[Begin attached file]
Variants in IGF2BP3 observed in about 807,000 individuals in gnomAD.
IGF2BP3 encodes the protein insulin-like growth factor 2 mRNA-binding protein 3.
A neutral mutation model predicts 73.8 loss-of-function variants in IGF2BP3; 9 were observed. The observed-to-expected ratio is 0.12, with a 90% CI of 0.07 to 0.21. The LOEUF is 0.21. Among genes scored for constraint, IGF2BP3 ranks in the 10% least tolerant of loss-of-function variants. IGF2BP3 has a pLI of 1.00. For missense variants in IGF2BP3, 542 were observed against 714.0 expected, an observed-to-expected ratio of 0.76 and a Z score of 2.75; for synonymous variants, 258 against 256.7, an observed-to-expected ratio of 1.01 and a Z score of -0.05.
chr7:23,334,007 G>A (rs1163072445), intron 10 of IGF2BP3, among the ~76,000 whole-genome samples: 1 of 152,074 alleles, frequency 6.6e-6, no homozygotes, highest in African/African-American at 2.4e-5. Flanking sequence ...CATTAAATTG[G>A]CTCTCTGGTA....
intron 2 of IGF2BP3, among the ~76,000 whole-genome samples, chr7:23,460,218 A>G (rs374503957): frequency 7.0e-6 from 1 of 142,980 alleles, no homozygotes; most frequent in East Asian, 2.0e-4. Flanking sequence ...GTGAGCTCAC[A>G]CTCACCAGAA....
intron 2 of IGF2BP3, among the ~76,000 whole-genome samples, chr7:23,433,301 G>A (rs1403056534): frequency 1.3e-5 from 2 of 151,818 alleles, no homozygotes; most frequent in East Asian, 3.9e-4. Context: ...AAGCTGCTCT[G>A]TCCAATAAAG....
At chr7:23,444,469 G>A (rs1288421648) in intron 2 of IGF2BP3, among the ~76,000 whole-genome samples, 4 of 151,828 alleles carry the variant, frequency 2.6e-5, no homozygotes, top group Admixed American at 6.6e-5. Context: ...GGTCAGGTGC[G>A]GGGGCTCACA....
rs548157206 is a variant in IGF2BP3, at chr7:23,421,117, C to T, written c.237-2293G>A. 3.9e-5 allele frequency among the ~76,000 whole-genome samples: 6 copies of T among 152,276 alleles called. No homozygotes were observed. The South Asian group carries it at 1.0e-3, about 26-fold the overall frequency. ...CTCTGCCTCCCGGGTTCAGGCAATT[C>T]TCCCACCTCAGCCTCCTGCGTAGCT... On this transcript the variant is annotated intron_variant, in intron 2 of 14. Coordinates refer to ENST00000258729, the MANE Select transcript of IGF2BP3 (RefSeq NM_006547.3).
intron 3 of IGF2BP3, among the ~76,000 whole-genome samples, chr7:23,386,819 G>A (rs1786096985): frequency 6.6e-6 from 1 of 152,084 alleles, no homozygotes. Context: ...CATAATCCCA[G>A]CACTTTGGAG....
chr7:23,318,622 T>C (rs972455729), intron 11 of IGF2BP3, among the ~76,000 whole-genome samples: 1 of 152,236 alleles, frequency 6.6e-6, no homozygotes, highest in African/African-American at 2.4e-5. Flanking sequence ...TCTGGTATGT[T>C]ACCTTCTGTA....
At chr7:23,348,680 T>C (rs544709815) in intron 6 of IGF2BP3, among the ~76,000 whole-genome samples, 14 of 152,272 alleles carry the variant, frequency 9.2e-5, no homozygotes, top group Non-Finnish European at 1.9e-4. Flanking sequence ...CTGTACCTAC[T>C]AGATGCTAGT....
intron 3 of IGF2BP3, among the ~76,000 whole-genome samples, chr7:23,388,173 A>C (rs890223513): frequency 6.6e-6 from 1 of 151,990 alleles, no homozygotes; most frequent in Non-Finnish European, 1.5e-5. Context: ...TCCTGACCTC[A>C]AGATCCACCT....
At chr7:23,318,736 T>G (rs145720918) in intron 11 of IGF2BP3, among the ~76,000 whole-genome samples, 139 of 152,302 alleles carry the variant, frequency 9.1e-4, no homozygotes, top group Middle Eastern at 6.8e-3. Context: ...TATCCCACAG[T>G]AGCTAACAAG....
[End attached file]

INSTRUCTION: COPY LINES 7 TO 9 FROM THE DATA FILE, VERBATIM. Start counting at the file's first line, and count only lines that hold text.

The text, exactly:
At chr7:23,444,469 G>A (rs1288421648) in intron 2 of IGF2BP3, among the ~76,000 whole-genome samples, 4 of 151,828 alleles carry the variant, frequency 2.6e-5, no homozygotes, top group Admixed American at 6.6e-5. Context: ...GGTCAGGTGC[G>A]GGGGCTCACA....
rs548157206 is a variant in IGF2BP3, at chr7:23,421,117, C to T, written c.237-2293G>A. 3.9e-5 allele frequency among the ~76,000 whole-genome samples: 6 copies of T among 152,276 alleles called. No homozygotes were observed. The South Asian group carries it at 1.0e-3, about 26-fold the overall frequency. ...CTCTGCCTCCCGGGTTCAGGCAATT[C>T]TCCCACCTCAGCCTCCTGCGTAGCT... On this transcript the variant is annotated intron_variant, in intron 2 of 14. Coordinates refer to ENST00000258729, the MANE Select transcript of IGF2BP3 (RefSeq NM_006547.3).
intron 3 of IGF2BP3, among the ~76,000 whole-genome samples, chr7:23,386,819 G>A (rs1786096985): frequency 6.6e-6 from 1 of 152,084 alleles, no homozygotes. Context: ...CATAATCCCA[G>A]CACTTTGGAG....